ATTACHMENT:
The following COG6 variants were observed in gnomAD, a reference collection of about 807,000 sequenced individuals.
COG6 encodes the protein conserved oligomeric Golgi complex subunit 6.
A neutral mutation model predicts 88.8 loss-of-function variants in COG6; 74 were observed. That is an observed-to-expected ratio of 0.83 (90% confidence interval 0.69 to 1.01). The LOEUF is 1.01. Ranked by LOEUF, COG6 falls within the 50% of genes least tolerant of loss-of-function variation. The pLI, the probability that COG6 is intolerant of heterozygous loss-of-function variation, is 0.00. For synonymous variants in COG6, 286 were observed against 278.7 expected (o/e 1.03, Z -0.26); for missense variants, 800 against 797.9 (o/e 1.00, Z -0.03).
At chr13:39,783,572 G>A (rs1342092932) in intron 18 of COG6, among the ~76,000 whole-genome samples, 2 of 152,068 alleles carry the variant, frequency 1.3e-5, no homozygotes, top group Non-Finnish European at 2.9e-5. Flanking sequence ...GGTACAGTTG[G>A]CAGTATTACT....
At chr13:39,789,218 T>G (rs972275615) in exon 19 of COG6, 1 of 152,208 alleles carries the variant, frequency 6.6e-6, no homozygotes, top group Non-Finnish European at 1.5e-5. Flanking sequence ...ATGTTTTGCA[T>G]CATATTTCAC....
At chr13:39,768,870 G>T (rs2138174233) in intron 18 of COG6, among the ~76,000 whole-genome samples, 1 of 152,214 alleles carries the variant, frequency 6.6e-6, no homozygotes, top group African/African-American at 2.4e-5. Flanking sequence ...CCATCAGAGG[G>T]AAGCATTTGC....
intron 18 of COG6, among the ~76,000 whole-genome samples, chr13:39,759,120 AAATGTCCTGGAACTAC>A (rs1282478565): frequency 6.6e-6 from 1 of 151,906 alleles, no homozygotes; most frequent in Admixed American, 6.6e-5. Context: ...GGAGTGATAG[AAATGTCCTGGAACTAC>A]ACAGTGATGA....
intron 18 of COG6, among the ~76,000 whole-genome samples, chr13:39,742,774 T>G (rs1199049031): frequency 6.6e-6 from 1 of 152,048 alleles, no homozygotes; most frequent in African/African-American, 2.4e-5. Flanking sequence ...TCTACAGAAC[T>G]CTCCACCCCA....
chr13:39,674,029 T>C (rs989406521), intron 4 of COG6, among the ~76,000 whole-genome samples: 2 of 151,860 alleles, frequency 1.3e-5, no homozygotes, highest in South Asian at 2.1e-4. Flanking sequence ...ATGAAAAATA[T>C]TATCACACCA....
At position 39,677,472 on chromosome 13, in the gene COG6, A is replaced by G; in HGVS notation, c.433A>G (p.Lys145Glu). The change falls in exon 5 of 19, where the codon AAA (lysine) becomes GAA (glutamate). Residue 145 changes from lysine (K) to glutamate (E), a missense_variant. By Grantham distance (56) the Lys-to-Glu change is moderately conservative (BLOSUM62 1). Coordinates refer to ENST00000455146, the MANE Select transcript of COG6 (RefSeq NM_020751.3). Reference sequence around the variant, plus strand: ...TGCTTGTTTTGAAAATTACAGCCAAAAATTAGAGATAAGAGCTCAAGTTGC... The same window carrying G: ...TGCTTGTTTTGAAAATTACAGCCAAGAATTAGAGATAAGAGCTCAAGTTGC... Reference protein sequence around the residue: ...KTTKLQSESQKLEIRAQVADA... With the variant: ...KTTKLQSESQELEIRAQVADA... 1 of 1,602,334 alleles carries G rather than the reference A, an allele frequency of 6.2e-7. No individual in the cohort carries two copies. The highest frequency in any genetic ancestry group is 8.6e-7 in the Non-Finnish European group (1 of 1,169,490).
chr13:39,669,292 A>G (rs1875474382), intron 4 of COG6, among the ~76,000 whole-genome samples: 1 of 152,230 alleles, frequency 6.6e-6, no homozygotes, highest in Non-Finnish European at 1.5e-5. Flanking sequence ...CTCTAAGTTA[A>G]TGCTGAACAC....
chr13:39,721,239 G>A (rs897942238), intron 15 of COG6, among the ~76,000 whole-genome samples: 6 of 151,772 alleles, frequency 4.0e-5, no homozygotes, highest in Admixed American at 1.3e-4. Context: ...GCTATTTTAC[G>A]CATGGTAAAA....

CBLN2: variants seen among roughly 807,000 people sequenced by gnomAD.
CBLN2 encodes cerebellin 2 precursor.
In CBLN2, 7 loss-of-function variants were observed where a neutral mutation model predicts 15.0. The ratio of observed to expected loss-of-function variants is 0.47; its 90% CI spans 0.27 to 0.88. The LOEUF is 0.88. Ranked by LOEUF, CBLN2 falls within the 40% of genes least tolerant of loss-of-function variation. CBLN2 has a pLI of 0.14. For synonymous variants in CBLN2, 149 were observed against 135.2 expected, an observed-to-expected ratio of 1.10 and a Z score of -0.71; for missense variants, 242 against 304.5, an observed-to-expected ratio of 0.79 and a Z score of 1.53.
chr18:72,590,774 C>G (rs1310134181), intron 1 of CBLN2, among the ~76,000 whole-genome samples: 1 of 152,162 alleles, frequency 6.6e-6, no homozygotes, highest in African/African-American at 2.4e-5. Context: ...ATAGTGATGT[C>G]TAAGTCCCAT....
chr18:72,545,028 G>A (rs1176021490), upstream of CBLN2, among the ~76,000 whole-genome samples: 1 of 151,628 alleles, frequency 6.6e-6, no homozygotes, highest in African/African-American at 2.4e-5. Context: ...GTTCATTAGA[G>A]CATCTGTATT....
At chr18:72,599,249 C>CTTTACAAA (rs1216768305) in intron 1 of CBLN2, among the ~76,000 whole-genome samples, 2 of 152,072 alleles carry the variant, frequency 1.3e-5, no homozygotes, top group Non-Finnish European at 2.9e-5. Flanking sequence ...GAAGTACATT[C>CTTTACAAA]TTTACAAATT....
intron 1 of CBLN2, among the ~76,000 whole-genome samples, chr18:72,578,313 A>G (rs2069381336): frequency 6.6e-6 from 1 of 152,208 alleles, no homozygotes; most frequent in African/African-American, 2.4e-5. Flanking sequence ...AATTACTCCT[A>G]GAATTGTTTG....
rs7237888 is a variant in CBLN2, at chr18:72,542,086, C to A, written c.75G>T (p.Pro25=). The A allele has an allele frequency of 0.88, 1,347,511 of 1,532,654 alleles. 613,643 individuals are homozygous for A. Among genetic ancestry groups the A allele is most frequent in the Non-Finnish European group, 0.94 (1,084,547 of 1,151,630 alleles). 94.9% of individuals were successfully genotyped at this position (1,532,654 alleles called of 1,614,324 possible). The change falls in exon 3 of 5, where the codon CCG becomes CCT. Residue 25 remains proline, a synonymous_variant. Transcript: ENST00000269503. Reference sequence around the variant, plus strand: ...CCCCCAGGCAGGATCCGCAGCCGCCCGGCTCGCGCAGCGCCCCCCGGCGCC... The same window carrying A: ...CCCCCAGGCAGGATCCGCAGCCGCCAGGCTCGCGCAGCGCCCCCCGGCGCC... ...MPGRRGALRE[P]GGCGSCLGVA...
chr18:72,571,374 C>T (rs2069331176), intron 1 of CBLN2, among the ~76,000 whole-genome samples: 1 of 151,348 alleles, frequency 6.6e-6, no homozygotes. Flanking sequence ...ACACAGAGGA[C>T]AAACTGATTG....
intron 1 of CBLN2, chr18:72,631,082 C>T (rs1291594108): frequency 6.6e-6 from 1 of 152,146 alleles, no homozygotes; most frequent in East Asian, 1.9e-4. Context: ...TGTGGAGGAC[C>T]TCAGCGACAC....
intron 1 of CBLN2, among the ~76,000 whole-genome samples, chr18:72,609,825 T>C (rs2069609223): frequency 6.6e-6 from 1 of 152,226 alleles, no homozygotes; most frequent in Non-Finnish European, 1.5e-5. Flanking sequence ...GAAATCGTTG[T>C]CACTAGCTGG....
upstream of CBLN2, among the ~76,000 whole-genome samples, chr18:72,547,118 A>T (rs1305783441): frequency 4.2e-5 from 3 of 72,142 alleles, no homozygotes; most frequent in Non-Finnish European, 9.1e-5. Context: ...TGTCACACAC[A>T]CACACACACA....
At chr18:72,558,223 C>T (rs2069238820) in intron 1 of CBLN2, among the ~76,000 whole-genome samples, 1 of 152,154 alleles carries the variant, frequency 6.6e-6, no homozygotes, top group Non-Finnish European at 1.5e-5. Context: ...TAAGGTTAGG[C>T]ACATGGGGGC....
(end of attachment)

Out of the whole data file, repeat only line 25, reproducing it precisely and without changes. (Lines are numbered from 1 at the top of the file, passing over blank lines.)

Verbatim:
At chr18:72,558,223 C>T (rs2069238820) in intron 1 of CBLN2, among the ~76,000 whole-genome samples, 1 of 152,154 alleles carries the variant, frequency 6.6e-6, no homozygotes, top group Non-Finnish European at 1.5e-5. Context: ...TAAGGTTAGG[C>T]ACATGGGGGC....